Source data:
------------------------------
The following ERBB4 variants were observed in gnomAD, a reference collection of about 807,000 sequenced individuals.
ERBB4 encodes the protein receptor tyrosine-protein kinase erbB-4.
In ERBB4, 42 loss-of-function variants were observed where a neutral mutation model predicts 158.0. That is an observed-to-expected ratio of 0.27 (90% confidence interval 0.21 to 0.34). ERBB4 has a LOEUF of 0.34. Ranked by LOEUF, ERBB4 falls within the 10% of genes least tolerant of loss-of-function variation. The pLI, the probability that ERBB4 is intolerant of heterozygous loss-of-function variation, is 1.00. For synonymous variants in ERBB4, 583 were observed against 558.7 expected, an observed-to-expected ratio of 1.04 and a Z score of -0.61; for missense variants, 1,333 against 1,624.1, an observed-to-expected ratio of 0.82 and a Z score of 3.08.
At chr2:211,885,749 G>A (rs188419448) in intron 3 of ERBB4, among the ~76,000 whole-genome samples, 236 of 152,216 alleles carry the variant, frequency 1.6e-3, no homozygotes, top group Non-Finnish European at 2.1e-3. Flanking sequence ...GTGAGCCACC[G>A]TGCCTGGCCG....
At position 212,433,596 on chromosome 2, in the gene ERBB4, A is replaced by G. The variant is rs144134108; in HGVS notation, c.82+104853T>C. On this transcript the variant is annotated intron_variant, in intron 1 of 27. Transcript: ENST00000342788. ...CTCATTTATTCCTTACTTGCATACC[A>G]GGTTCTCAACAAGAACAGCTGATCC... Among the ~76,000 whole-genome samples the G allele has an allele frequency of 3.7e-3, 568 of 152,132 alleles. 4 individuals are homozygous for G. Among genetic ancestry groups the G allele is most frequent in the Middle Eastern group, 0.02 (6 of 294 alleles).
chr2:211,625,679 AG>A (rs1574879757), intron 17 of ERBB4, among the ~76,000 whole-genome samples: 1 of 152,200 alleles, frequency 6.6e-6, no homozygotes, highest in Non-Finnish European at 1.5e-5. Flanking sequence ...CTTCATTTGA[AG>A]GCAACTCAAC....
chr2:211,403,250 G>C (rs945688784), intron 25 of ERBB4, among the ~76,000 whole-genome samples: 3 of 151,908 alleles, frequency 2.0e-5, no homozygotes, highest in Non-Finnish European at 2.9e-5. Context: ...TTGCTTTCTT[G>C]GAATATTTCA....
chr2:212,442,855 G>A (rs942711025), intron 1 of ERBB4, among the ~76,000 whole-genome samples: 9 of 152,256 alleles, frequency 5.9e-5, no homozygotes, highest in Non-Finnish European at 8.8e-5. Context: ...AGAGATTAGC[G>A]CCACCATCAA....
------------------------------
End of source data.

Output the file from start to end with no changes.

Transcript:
The following ERBB4 variants were observed in gnomAD, a reference collection of about 807,000 sequenced individuals.
ERBB4 encodes the protein receptor tyrosine-protein kinase erbB-4.
In ERBB4, 42 loss-of-function variants were observed where a neutral mutation model predicts 158.0. That is an observed-to-expected ratio of 0.27 (90% confidence interval 0.21 to 0.34). ERBB4 has a LOEUF of 0.34. Ranked by LOEUF, ERBB4 falls within the 10% of genes least tolerant of loss-of-function variation. The pLI, the probability that ERBB4 is intolerant of heterozygous loss-of-function variation, is 1.00. For synonymous variants in ERBB4, 583 were observed against 558.7 expected, an observed-to-expected ratio of 1.04 and a Z score of -0.61; for missense variants, 1,333 against 1,624.1, an observed-to-expected ratio of 0.82 and a Z score of 3.08.
At chr2:211,885,749 G>A (rs188419448) in intron 3 of ERBB4, among the ~76,000 whole-genome samples, 236 of 152,216 alleles carry the variant, frequency 1.6e-3, no homozygotes, top group Non-Finnish European at 2.1e-3. Flanking sequence ...GTGAGCCACC[G>A]TGCCTGGCCG....
At position 212,433,596 on chromosome 2, in the gene ERBB4, A is replaced by G. The variant is rs144134108; in HGVS notation, c.82+104853T>C. On this transcript the variant is annotated intron_variant, in intron 1 of 27. Transcript: ENST00000342788. ...CTCATTTATTCCTTACTTGCATACC[A>G]GGTTCTCAACAAGAACAGCTGATCC... Among the ~76,000 whole-genome samples the G allele has an allele frequency of 3.7e-3, 568 of 152,132 alleles. 4 individuals are homozygous for G. Among genetic ancestry groups the G allele is most frequent in the Middle Eastern group, 0.02 (6 of 294 alleles).
chr2:211,625,679 AG>A (rs1574879757), intron 17 of ERBB4, among the ~76,000 whole-genome samples: 1 of 152,200 alleles, frequency 6.6e-6, no homozygotes, highest in Non-Finnish European at 1.5e-5. Flanking sequence ...CTTCATTTGA[AG>A]GCAACTCAAC....
chr2:211,403,250 G>C (rs945688784), intron 25 of ERBB4, among the ~76,000 whole-genome samples: 3 of 151,908 alleles, frequency 2.0e-5, no homozygotes, highest in Non-Finnish European at 2.9e-5. Context: ...TTGCTTTCTT[G>C]GAATATTTCA....
chr2:212,442,855 G>A (rs942711025), intron 1 of ERBB4, among the ~76,000 whole-genome samples: 9 of 152,256 alleles, frequency 5.9e-5, no homozygotes, highest in Non-Finnish European at 8.8e-5. Context: ...AGAGATTAGC[G>A]CCACCATCAA....